In today’s day and age, Pluto lends its deadly attribute to the radioactive material plutonium, a substance considered highly toxic and deadly. Also, what once used to be the ninth planet in the far reaches of the Kuiper Belt, Pluto is famed for its barren and ice-cold conditions- a sharp depiction of exactly how ancient Rome perceived the god Pluto.
Minerva (Athena), goddess of Wisdom and Military Strategy
Minerva is arguably the goddess with the most attributes. The Romans usually prayed to her for wisdom, medicinal arts, trade, poetry, and strategy.
Ancient Rome believed that Minerva popped into existence from the forehead of Jupiter, her father. This was a result of Jupiter gulping goddess Metis (Minerva’s mother). The myth goes on to say that Jupiter committed this heinous act because he was afraid that the children of Metis would one day topple him as the supreme god of the pantheon. Another account of the story states that after Jupiter impregnated his sister, Metis, Minerva came out of Jupiter’s head.
Considering her origin story, many Roman generals sought her help when it came to military strategy and battle plans. Hence, Minerva, just like her Greek counterpart, Athena, was regarded as the patron of war and strategic warfare. Common depictions of Minerva showed her in a very battle-ready posture wearing a helmet and wielding a spear and a shield.
Mars (Ares), the god of War and Agriculture
As a son of Juno, Mars was a very influential god in the hearts and minds of the ancient Romans. He was chiefly in charge of war and agriculture. It is interesting that the Romans attributed two totally unrelated things (war and agriculture) to the god Mars. By virtue of the war and battle attributions, Mars has often been similar in light to the Greek god Ares.
The Romans described Mars as a very complex heavenly deity that could burst in rage and fits of anger at any moment. However, there have been times that the myths portrayed him as a very level-headed god that was interested in blessing men with bountiful harvest and crops.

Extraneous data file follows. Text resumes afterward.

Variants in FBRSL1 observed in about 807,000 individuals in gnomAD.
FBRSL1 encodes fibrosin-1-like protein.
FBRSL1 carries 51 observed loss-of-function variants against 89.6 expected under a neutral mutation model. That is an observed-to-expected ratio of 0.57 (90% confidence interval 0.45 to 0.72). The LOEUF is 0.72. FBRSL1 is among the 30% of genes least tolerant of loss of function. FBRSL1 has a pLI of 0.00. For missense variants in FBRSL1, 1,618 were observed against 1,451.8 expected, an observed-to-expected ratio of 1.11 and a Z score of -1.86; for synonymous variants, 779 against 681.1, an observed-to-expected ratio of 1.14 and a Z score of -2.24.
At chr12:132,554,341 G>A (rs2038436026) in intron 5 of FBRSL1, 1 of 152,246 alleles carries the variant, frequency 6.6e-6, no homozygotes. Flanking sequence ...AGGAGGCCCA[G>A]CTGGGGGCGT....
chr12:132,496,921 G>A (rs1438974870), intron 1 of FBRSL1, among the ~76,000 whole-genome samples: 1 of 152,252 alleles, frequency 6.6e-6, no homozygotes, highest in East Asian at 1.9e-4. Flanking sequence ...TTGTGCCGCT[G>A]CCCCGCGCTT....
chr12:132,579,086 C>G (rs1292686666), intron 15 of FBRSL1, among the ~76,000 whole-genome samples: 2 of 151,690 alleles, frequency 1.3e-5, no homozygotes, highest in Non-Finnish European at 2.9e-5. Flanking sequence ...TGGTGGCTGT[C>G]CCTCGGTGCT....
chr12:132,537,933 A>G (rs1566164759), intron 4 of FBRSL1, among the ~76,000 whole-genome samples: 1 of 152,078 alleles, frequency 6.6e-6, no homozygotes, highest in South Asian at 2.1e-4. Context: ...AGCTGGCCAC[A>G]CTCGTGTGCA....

Among some circles, Mars was even considered the father of Romulus and Remus (Rome’s founders).
Another very interesting thing that the Romans did was name the month of March after Mars. Historians believe that it was also in the month of March that the Romans often began their military conquests of neighboring counties and cities. The month of March is exactly when Spring season starts in the northern hemisphere. It, therefore, made a lot of sense tagging the god Mars as the patron of agriculture.
Venus (Aphrodite), the god of love, desires, and wine
Venus, the mother of Rome, was the exact antithesis of Mars. She was the nurturing kind of god- more like a mother figure to the ancient Romans. That’s how come she was always associated with things such as fertility, love, desires, beauty, sex, and wine. Venus was arguably the calmest and gentlest of all gods and goddess in the Roman pantheon. These traits of hers are parallel to those of the Greek goddess Aphrodite.
Ancient Rome believed that Venus’ natural traits allowed her to mother several children. At a point in time, Venus and Mars had a very steaming love affair. She even bore four children for the god Mars. They were the twins- Timor and Metus; Concordia; and Cupids.
There have been countless literature works (both past and present) that have described men as being the direct descendants of Mars and women being the descendants of Venus.
Apollo (Apollo), God of the Sun and Light